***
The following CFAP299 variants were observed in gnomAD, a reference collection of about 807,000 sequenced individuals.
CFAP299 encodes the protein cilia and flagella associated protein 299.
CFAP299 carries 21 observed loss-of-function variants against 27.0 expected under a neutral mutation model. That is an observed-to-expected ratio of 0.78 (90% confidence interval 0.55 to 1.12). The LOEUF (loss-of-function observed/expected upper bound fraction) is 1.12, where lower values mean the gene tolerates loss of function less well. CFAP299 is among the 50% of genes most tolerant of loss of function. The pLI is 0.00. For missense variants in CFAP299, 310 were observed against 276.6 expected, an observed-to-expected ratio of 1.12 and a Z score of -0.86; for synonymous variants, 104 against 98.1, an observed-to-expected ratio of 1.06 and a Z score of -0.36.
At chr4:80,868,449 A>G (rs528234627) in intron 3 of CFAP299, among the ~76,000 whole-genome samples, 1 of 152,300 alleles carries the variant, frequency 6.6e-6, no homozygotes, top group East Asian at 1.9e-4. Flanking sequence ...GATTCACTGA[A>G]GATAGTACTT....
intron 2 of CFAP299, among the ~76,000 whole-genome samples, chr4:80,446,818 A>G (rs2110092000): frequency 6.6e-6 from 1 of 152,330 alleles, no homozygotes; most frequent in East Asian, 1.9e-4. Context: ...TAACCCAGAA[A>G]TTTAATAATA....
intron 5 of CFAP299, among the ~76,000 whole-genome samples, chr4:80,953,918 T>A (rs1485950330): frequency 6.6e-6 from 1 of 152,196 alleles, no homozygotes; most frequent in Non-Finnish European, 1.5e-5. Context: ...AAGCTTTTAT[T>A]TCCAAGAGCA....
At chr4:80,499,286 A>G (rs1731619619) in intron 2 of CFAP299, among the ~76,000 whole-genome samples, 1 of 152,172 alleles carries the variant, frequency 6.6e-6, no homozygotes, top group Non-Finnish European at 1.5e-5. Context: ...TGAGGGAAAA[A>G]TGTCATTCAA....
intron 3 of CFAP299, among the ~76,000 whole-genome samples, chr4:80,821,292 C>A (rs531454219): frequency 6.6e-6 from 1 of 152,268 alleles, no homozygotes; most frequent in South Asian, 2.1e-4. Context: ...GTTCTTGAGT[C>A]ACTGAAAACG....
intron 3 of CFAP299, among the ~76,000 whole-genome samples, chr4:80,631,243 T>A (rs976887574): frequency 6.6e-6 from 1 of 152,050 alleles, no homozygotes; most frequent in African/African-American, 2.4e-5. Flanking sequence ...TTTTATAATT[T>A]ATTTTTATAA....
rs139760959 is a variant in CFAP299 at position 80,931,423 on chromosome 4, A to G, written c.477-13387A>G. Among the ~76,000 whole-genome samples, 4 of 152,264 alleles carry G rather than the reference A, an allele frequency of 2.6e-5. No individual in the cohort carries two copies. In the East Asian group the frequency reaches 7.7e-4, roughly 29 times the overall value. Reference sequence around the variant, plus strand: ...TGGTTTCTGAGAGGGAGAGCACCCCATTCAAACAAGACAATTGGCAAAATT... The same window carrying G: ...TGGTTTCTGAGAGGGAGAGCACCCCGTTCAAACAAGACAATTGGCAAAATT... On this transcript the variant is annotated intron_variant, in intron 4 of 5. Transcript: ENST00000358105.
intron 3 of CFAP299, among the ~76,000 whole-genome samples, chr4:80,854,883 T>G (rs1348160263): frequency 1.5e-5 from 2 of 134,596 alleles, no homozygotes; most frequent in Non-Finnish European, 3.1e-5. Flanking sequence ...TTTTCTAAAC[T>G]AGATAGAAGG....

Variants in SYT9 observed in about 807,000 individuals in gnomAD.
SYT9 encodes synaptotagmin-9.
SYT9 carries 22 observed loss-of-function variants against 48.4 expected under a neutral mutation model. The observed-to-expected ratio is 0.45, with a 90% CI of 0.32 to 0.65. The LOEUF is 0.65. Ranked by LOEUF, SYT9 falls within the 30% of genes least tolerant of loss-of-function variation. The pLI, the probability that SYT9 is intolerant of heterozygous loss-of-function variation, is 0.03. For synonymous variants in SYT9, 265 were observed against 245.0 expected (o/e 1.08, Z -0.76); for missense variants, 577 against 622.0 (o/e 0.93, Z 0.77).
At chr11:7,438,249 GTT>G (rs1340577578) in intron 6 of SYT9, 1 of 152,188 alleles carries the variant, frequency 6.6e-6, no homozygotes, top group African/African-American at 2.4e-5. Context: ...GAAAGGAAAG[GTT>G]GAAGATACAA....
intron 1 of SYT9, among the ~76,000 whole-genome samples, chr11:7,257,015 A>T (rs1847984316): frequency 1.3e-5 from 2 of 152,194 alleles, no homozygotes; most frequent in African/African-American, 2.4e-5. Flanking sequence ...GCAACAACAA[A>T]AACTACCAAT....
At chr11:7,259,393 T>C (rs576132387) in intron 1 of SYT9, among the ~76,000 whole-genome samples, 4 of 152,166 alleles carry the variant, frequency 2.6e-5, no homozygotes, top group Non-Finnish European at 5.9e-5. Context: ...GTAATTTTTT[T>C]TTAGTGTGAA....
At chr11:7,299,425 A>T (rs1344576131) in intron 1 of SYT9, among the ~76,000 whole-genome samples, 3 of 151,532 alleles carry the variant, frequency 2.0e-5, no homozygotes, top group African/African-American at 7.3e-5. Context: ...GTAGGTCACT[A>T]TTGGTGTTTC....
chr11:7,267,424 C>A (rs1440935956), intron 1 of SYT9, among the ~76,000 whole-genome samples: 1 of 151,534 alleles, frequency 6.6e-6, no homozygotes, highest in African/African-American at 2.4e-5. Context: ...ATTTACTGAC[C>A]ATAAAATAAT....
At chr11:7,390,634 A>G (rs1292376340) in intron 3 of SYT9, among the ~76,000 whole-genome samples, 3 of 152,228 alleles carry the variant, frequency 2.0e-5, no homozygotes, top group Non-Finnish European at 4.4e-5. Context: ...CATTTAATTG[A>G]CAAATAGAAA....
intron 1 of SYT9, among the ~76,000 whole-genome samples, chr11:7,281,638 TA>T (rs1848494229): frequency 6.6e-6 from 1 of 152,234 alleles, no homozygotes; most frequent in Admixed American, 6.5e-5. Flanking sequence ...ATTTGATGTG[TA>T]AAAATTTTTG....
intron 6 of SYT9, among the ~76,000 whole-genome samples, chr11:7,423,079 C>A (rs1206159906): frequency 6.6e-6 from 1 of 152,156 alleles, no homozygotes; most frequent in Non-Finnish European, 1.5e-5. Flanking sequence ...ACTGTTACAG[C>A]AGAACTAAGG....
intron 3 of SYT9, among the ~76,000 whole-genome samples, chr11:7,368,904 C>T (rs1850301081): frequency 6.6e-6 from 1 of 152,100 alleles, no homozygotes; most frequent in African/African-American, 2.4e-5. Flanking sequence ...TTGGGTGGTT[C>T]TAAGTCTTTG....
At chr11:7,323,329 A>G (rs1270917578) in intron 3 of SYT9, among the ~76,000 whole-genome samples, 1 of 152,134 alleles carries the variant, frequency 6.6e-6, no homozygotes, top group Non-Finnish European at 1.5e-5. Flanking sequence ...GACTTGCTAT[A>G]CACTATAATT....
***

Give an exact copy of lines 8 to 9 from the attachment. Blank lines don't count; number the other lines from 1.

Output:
intron 3 of CFAP299, among the ~76,000 whole-genome samples, chr4:80,821,292 C>A (rs531454219): frequency 6.6e-6 from 1 of 152,268 alleles, no homozygotes; most frequent in South Asian, 2.1e-4. Context: ...GTTCTTGAGT[C>A]ACTGAAAACG....
intron 3 of CFAP299, among the ~76,000 whole-genome samples, chr4:80,631,243 T>A (rs976887574): frequency 6.6e-6 from 1 of 152,050 alleles, no homozygotes; most frequent in African/African-American, 2.4e-5. Flanking sequence ...TTTTATAATT[T>A]ATTTTTATAA....